16. 16. Schema  When we encounter new information or experiences, we can do one of two things: Accommodate or assimilate the information.  Accommodation- modifying our schema to fit the data  Changing our lenses to make sense of the new info/experience  May cause one to rethink their values or beliefs  Assimilation- modifying the data to fit the schema  Trying to make the new info/experience match what our existing lenses wants us to see  May cause one to distort the truth just to hold on tight to their original values for dear life
  17. 17. Assimilation Bias  Assimilation Bias- the tendency to engage in assimilation rather than accommodation  To reject rather than accept information
  18. 18. Heuristics  Heuristic- A mental shortcut or rule of thumb strategy for problem solving.  Please Excuse My Dear Aunt Sally  I before E except after C  In general, heuristics can be great as they allow us to process information quickly  Who has time to fully process everything  However, shortcuts sometimes cause errors in processing that could have been avoided if we had fully processed the information  At times, using heuristics might cause us to make underestimations or overestimations
  19. 19. Representativeness Bias  Representativeness Heuristic- a method used to estimate the probability of two entities are related  Representativeness Bias- when representativeness heuristic cause a systematic error in information processing.  Think back to the DC Sniper. Tell the truth, what was the racial profile that most people assumed fit the sniper?  Based on our “representation” of a sniper, we made a MAJOR error in judgment about who the perpetrators were.
  20. 20. Availability Bias  Availability heuristic- process by which individuals determine frequency, incidences, or the likelihood of an event based one how accessible it is from memory.  Availability Bias- when Availability heuristic cause a systematic error in information processing.  When we can easily conjure up an image in our minds about an event, we are more likely to overestimate it. We are likely to underestimate events that are hard to imagine.  How many airplane crashes are there per year?  How many bicycle accidents are there per year?  Which was harder to guestimate?
  21. 21. Availability Bias  Tell the truth, when you heard about Whitney Houston’s death, did you assume it was a drug overdose?  Isn’t it much easier to conjure up images of celebrities and drug overdoses rather than accidents or natural causes?
  22. 22. Fundamental Attribution Error  Fundamental Attribution Error- individual’s tendency to associate behaviors with internal factors and give external factors less consideration or completely ignore them.  Cognitive Bias- errors produced by our limited thinking capacity  e.g. caused by fatigue, distraction, low IQ  Motivational Bias- errors produced by efforts to satisfy our own selfish needs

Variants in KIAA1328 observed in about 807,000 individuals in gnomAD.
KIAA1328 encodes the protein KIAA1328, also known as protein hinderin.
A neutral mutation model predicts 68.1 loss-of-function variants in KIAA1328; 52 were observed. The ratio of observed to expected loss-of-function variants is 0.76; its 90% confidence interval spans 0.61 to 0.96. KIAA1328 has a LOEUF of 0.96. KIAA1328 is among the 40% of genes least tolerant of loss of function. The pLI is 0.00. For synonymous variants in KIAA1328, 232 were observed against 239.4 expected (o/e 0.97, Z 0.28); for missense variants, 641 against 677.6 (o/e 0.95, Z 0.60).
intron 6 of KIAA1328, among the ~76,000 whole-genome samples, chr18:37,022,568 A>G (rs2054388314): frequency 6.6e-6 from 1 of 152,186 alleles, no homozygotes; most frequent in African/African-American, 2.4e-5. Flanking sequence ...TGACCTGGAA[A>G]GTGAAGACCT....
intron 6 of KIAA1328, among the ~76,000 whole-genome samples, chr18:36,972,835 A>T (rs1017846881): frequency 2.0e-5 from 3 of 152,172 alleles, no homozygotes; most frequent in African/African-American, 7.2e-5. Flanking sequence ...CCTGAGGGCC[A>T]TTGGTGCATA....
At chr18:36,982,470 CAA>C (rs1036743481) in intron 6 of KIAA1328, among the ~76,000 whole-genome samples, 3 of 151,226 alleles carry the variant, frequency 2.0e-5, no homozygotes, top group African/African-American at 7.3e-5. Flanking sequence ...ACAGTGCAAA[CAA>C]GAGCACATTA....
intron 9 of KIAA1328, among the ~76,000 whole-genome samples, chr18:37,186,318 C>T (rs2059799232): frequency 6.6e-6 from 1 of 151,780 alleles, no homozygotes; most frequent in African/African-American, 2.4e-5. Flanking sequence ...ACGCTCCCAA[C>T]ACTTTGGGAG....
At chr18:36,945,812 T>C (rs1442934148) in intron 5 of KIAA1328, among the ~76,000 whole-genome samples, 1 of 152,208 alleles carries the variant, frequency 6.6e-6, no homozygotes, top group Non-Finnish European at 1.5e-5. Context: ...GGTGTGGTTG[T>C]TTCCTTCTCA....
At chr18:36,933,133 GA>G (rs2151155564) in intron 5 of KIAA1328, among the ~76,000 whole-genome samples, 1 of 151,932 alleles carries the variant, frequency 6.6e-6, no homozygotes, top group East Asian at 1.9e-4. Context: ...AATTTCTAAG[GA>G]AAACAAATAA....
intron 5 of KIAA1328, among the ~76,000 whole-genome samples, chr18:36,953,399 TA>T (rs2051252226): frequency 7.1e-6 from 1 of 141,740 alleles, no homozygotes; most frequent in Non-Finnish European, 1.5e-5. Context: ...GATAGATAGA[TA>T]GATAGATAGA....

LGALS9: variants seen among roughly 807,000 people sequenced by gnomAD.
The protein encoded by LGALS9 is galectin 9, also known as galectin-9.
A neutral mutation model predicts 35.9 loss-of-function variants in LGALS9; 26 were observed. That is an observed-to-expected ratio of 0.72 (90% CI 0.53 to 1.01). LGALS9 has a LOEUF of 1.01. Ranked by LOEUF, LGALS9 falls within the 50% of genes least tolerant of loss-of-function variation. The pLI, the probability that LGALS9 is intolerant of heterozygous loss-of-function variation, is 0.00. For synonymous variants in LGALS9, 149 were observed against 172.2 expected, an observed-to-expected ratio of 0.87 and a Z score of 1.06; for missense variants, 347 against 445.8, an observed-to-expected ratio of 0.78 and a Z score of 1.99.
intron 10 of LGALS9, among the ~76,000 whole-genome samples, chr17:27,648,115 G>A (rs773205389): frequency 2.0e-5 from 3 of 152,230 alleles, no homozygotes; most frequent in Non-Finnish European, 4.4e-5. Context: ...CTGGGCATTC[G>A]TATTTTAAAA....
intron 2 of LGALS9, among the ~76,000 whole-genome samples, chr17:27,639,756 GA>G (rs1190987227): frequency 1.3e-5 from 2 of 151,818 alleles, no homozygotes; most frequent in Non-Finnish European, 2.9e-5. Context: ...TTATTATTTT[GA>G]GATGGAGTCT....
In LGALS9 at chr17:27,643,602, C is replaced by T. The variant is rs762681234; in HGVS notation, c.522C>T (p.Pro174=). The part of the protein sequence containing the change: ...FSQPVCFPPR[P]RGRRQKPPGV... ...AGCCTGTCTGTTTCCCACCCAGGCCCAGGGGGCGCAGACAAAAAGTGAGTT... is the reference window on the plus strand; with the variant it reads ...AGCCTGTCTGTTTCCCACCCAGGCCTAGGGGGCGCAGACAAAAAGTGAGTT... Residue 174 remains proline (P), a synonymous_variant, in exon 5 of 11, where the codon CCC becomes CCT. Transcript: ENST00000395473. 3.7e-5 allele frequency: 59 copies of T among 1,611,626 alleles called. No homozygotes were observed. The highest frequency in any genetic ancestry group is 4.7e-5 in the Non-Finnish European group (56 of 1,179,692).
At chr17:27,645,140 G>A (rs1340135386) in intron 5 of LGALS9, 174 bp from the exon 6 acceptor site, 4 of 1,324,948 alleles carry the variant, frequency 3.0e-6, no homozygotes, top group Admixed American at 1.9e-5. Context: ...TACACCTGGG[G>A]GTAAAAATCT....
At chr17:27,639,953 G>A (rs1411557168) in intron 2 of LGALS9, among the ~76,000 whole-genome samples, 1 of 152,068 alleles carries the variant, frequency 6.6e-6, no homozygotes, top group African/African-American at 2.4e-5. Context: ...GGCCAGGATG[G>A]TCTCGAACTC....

23. 23. Self Fulfilling Prophecy  Defined: When people’s attitudes, beliefs, or assumptions about another person actually produce the expected behaviors.  Can happen intentionally or unintentionally  Knowledge of a person’s low expectations of may subconsciously cause someone to perform below their capabilities  Affirmations are positive examples of SFP’s: you can speak positivity into your existence
  24. 24. Self Fulfilling Prophecy  An important note about SFPs (which most students often overlook)  There are actually four parts to this phenomenon: h Awareness of an expectation (either someone elses or your own) n Subconscious internalization of this expectation t This subconsciously impacts the person’s behavior (either deflating or boosting their confidence or motivation) s The predicted behavior is manifested or demonstrated It is not enough to simply be aware of an expectation…the prophecy (the prediction) has to actually come true.  Can you think of personal examples of a self-fulfilling prophecy?
  25. 25. Correlation & Causation  Correlation- there is a relationship among the variables, positive or negative  does not recognize cause and effect  Correlation ≠ causation!  Just because there is correlation or relationship between crime and urban neighborhoods, living in “the hood” does not “cause” someone to commit crime.
  26. 26. Correlation & Causation  Causation: There is a direct influence between variables; one explains the presence of the other  Bidirectional Causation-  Event A causes Event B and Event B causes Event A  Multiple Causation-  More than one cause  Event A, B and C caused/contributed to Event D
  27. 27. Naturalistic Fallacy  Defined: An individual’s tendency to determine whether something is good or bad based on frequency  There are Four Types (grouped into 2 pairs) Common = Good Uncommon = Bad Common = Bad Uncommon = Good Most people tend to use one pair or the other to guide their thinking and behaviors.
  28. 28. Naturalistic Fallacy Common = Good and Uncommon = Bad Those with this type of thinking would believe the following: If something is really popular (common), “that’s hot” If something is unpopular (rare/uncommon), it’s “not the business” Common = Bad and Uncommon = Good Those with this type of thinking would believe the following: If something is really popular (common), “I’m doing just the opposite” If something is unpopular (rare/uncommon), “That’s for me” Which thinking style describes you?
  29. 29. Belief Perserverance Effect  Occurs when an individual’s beliefs are being challenged.  The individual tends to protect his/her belief.  As a result, the individual will hold on to his/her belief despite facts that dismiss the belief